Babies are totally dependent. The present adult is responsible for meeting their every need when they demand it. They will learn to trust based on how you respond in meeting their needs. Babies need to feel secure, have lots of one-on-one attention, cuddling, and be talked to. An infant’s day will revolve around eating, sleeping, observing and playing. They need safe open spaces in which they can move and crawl.
Tummy Time: While awake, and on a clean, safe surface, infants are placed on their tummies at least twice a day for 15 minutes to strengthen the neck, back and shoulders. During this time, provider/supervising staff will interact with the infant (gentle stroking, talking, singing, calling attention to colorful toys on the left, the right and straight ahead). As the infant gets older, placing toys just out of reach will encourage reaching and crawling.
Ways used to help calm a crying baby:
- Check to see if diaper needs changing.
- Swaddle your baby in a large, thin blanket to help them feel secure.
- Feed slowly, stopping to burp often.
- Offer their pacifier.
- Hold baby check-to-check against bare skin.
- Rock your baby using slow, rhythmic movements.
- Play soft, soothing music.
- Take your baby for a walk in a stroller.
- Talk softly to.
- Teething infants are given cooled teething rings which are sanitized after each use.
If the baby won’t stop crying, check for signs of illness. Call the parents/legal guardians if child shows sign of illness.
Pacifiers without attachments are allowed:
- Parent/legal guardian will provide at least two new pacifiers (labeled with their child’s name using a waterproof label or non-toxic permanent marker) as needed for their child to use.
- Each pacifier will be inspected for tears or cracks (and to see if there is unknown fluid in the nipple) before each use.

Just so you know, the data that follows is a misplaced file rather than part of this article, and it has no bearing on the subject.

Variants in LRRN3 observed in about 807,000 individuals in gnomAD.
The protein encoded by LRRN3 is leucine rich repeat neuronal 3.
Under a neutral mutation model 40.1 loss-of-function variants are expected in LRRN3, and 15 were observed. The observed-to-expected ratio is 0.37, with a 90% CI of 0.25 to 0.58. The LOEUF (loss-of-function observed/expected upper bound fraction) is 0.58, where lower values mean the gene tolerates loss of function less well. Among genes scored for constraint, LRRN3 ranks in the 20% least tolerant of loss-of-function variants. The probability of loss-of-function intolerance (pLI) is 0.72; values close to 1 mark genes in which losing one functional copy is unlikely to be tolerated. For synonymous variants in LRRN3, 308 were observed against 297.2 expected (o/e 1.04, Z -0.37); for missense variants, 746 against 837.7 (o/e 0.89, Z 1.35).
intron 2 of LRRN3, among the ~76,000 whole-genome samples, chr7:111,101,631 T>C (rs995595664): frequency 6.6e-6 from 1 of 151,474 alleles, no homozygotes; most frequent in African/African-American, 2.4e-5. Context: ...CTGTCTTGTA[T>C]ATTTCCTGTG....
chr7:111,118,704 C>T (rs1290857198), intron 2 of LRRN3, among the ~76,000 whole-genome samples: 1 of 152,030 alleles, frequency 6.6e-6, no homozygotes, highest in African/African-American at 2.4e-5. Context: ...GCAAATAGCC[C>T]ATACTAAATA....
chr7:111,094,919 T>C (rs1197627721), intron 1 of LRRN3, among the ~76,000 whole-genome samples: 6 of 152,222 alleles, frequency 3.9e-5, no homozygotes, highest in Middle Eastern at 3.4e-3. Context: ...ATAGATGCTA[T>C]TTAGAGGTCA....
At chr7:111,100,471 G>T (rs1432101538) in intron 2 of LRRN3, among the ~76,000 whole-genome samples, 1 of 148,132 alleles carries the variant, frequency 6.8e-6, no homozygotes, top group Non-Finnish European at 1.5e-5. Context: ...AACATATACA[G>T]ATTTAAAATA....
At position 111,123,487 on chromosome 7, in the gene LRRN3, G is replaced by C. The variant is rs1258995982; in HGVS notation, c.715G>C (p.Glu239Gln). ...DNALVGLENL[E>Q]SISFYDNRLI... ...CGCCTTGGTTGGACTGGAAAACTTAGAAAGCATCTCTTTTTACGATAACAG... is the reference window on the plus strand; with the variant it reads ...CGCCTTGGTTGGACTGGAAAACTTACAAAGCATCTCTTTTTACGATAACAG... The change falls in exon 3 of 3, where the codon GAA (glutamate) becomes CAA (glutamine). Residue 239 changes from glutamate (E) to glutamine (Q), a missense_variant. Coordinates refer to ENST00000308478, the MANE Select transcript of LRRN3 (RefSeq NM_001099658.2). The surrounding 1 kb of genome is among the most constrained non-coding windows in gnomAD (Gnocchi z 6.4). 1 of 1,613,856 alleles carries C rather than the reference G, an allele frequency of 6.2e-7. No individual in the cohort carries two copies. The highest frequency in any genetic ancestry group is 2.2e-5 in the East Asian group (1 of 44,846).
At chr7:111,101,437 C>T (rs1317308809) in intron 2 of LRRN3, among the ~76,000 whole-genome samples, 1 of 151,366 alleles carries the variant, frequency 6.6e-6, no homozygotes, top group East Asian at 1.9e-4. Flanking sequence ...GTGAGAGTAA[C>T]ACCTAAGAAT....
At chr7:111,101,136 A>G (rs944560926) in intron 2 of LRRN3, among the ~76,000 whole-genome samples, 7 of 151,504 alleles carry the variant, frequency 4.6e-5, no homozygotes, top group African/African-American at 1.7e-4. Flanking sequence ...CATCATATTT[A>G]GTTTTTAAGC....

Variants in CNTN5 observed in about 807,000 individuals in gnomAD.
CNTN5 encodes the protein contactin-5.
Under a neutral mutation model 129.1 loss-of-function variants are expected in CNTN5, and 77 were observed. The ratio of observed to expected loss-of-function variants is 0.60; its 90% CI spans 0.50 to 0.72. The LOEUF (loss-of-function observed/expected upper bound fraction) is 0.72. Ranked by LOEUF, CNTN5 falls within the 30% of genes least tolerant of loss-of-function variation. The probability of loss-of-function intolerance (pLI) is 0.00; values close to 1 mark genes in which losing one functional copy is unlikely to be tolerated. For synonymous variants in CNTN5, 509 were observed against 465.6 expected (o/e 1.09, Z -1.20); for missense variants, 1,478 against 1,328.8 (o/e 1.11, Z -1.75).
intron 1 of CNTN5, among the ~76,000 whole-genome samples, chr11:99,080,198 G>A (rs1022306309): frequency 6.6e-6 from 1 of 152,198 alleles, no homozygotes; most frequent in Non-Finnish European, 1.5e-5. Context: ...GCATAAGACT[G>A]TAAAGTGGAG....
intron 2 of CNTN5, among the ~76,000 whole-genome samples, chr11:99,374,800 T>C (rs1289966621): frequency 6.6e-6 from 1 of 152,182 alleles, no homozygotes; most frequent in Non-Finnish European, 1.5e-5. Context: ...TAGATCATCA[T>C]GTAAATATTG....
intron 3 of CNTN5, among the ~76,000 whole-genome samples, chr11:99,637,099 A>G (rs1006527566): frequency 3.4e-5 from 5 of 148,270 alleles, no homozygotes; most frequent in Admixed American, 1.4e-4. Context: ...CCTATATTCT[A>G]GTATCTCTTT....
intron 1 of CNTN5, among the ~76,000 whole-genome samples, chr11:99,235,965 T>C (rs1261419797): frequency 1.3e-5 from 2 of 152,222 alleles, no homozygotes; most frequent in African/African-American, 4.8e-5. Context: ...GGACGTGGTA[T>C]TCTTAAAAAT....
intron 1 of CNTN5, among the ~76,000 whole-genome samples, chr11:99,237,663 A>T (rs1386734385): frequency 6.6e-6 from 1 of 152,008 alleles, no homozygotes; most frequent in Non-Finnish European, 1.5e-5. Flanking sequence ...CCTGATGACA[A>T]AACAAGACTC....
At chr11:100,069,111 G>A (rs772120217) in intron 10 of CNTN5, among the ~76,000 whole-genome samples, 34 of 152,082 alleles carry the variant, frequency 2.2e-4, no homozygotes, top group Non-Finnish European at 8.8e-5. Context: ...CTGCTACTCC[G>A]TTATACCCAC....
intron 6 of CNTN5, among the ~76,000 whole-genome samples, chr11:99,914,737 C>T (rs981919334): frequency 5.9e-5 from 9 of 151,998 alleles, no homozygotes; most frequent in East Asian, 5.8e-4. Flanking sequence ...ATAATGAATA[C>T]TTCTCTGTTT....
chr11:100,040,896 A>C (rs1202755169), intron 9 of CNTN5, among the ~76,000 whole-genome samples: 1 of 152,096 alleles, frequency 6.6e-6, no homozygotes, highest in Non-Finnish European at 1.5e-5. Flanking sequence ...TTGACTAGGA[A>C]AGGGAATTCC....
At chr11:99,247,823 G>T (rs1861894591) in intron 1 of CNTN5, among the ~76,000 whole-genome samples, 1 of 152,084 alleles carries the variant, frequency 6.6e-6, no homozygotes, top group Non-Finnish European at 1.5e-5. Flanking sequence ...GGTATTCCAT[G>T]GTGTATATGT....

- Infants will not be forced to take a pacifier.
- Pacifier will not be coated in any sweet solution.
- Pacifier will be cleaned with soap and water.
- Cleaned pacifiers will be stored open to air; separate from the diapering area.
Feeding: Infants will be fed on demand unless written instructions stating otherwise are provided by the parent/legal guardian with doctor’s signature. Children will be allowed to eat their way – much or little, fast or slow, steady or start-and-stop. It is not necessary to finish off a bottle, container of food or food on the plate. This will support the development of understanding personal fullness cues. To avoid waste, feeding will start with small amounts and add more if the infant indicates they are still hungry.
Infants will be held with heads slightly elevated while bottle feeding. Bottle propping is never allowed.
- When infants can hold their own bottles, they are held or placed in a position that supports good feeding.
- Bottles and sippy cups are used by infants as skill indicates.
Infants will eat from plates and utensils on appropriately sanitized surfaces, such as feeding station tables and high chair trays.
- Cups and spoons are encouraged by 9 months of age.